Wow, Brendan, that’s a great question.
I can start with a somewhat facetious answer, in that I find a mentor text that the students can emulate. I channel the spirit of Austin Kleon, and tell my writers to be on the lookout for what they can steal for their own writing.
I use this approach most frequently with poetry, giving students a piece that highlights a specific form, or style, and having them write a version of it about a different topic. In my Grade 10 class, I try to make this a weekly occurrence as we work on our OUPAs.
Sometimes, I use the structures that exist in literature as aguide. The narrative arc diagram is useful for story writers as they plan. Once we know it, we can subvert it for effect as well. Often, in studying a genre we look at the tropes of that genre, as they can influence the structure of pieces written within that genre. Something like the Hero’s Journey gives us a ready made structure for adventure stories and I’ve used it to guide students as they write epic poems.
The most frequent request for structure lessons, from my writers anyway, is based around the essay. By the time I get them in their first year in our building, my Grade 9s have been given the list of Correct Ways To Write An Essay tips that seem rigid, and adhere to one particular kind of essay. They’re a bit intimidated that they’re going to be facing at least three and a half more years of that joyless exercise.
So, this year, with my Grade 9 and 10 students, I made a concerted effort to teach essay writing in a way that I hoped would allow them to write, exploring the idea that writing should be structured, but that there can be freedom within that structure.
I began by having them do their background work, to find the material that would be in their essays. This was a deliberate choice on my part, separating the act of research and the act of writing. It’s much too easy to overlap those today, and the writing is generally what suffers. Based upon what we were studying in class, they were given a series of things that they needed to find, or take notes on. My 9s were to research a storyteller of their choice, and my 10s were tasked with watching a children’s film they chose to discuss how that film can be used to teach lessons in adversity. I gave them note cards to collect their material. In their bags of note cards, I placed a reminder of what should be collected on each card.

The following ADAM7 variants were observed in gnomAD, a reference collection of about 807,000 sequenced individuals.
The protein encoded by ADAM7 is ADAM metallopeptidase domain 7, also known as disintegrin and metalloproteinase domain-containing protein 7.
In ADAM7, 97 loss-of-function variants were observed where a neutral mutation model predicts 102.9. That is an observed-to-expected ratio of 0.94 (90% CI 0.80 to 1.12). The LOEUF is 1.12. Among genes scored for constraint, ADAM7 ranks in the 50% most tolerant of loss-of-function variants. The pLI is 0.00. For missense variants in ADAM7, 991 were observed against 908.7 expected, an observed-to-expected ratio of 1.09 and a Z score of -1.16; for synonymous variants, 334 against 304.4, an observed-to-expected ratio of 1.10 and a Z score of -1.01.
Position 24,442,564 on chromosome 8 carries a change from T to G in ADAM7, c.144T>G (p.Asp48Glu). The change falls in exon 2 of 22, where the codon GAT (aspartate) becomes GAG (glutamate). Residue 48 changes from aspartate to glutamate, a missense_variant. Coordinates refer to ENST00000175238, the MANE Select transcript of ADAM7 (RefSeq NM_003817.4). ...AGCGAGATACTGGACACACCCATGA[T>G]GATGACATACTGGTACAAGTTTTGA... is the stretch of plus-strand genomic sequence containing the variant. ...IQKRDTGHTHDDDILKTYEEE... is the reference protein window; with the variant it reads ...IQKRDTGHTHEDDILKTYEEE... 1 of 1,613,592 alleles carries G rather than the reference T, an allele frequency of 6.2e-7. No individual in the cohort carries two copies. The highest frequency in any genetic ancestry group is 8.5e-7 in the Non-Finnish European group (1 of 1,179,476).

The note card thing is an old school approach on my part. I often joke with my students about being a pre-Internet student. Note cards were how I researched and organized ideas. I love the idea that the order of things can be changed by simply moving a card. Though I don’t make a big deal of this as they’re researching, the physical separation of the various elements that will make up their essay is important for me to create for them. Too often, when we teach a form, we give them the structure in a manner that almost creates a checklist for them, like the beleagured 5 paragraph essay. I appreciate that many students need this kind of overt structure, but “checklist writing” is often pretty clunky reading and doesn’t serve a student as well as it could. Throughout this essay process, I subtly, and overtly, try to work against essay structure becoming a checklist.
That being said, there are always students who need that rigid, detailed structure. Their reminder cards will probably be the order their essay arrives in, even though the rest of the process is intentionally created to subvert this.
Once they have a collection of completed cards, we begin writing. We begin with the introduction. They have cards that outline what they’re going to include, so they can introduce it. I pull out appropriate mentor texts for their assignment and we look at them, seeing what they do. We discuss the things that should/could be in an introduction, and we write one. To stress that we are firmly in first draft territory, we write however we’re comfortable, in our notebooks or on a computer.